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Author and photographer Marques Vickers escorts you on a scenic whirlwind adventure along the picturesque Oregon coastline. With his edition “16-Hour Road Trip: Oregon Coast”, Vickers begins his pictorial journey from the Art Deco styled Isaac Lee Patterson Bridge to the stunning sunset descent below the Neskowin seastack cove.
His over 125 images capture the natural splendor of the Oregon Sand Dunes National Park, Humbug Mountain’s base creeks and fauna, Battle Rock, Bullards Beach, Spinreel Campground, Tahkenitch, Beaver and Lagoon Creeks, Haceta Head, Devil’s Churn, Seat Rock Wayside, Yaquina Head and the Devil’s Punchbowl. At each site, Vickers provides detailed historical background and insight into each destination’s significance and topography.
En route, Vickers’ camera feasts on the design imagery of the notable Haceta Head and Yaquina Head Lighthouses and the Patterson, Bullards and Yaquina Bay Bridges. The Oregon Sand Dunes National Park, which stretches forty miles from the Coos River in North Bend to the Siuslaw River in Florence, is prolifically immortalized from numerous photographic perspectives. The unspoiled Dunes comprise the largest expanse of sand dunes in North America.
Two significant coastal rock formations, the Devil’s Churn and Punchbowl are intimately photographed detailing the swirling turbulence, sprays and force generated by the relentlessly pounding surf within.
The photographic visit is encapsulated within a sixteen-hour visit and locations chosen based on their beauty and accessibility. Vickers freely admits that equally worthy sites were bypassed due to time and daylight constraints. The author concludes that any excursion along the Oregon coastline mandates an extended time commitment and closer scrutiny.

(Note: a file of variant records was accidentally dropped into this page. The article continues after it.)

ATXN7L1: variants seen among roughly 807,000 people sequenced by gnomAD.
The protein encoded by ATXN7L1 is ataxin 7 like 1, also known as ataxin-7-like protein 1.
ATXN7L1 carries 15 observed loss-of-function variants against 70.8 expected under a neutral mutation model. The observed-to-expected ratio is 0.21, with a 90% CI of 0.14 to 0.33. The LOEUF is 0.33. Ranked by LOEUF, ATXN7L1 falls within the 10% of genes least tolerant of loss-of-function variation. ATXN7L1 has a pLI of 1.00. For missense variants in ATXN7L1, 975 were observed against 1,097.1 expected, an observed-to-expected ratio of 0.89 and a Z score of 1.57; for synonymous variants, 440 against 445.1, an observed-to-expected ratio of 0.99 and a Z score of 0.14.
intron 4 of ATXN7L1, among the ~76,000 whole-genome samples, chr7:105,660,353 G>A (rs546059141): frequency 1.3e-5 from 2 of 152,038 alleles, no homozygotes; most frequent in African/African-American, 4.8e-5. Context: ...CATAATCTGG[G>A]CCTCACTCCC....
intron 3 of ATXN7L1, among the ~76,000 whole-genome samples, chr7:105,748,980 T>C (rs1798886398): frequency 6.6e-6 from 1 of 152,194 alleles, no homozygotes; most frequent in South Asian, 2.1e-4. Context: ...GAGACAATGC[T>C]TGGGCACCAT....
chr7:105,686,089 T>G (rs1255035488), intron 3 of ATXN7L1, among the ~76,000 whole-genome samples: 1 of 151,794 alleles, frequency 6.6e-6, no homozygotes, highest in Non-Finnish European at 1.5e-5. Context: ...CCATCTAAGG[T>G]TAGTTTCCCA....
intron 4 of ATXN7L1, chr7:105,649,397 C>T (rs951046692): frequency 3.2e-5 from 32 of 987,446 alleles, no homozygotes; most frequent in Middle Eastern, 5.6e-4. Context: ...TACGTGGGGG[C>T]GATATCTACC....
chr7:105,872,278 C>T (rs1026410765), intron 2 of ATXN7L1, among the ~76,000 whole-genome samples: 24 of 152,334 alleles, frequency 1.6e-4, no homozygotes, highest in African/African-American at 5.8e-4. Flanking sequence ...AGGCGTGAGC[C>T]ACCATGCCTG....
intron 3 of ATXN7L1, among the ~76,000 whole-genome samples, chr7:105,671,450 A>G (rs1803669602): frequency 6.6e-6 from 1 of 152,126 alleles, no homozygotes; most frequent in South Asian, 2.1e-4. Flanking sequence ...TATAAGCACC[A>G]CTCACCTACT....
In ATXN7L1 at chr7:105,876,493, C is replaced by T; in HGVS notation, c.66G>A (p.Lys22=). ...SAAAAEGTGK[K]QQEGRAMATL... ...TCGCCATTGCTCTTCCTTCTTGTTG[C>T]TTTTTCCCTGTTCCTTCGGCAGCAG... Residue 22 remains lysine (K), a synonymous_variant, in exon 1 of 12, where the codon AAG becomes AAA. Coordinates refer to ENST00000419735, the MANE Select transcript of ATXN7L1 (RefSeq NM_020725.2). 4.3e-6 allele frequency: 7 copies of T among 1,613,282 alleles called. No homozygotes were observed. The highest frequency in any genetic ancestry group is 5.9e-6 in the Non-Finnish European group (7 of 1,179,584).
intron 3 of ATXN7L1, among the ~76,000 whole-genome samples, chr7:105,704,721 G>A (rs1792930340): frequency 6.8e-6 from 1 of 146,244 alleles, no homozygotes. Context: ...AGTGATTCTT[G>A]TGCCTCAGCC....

For the road trip warrior, this abbreviated jaunts skims a most desirable surface of a 250-mile highway stretch. Lesser traveled and renowned than its California counterpart, the scenery compares equally in aesthetics without the accompanying crowds.
The inlet was carved following thousands of years of wave actions shaping the basalt shoreline. The waves formed a deep-sea cavern whose roof eventually collapsed. The subsequent 100-foot crevice funnels momentous energy, as waves are compressed within. The ensuing spillage of spray and sea foam creates violent explosions and arbitrary hurling of water. The sequential drama of Devil’s Churn resembles a vortex lashing out violently in all directions with the ferocity a whip’s tail.
Sprays may vault thirty feet in height. Individuals securely fastened to overhanging ledges may discover themselves instantly drenched.
For those daring enough to navigate the walkway to its base, the turbulence is a worthy spectator performance. Debris is tossed and potential menace is a real threat. The impressive crown of Cape Perpetua, suspended 700 feet above the Churn, makes the descent into Hades particularly impressive.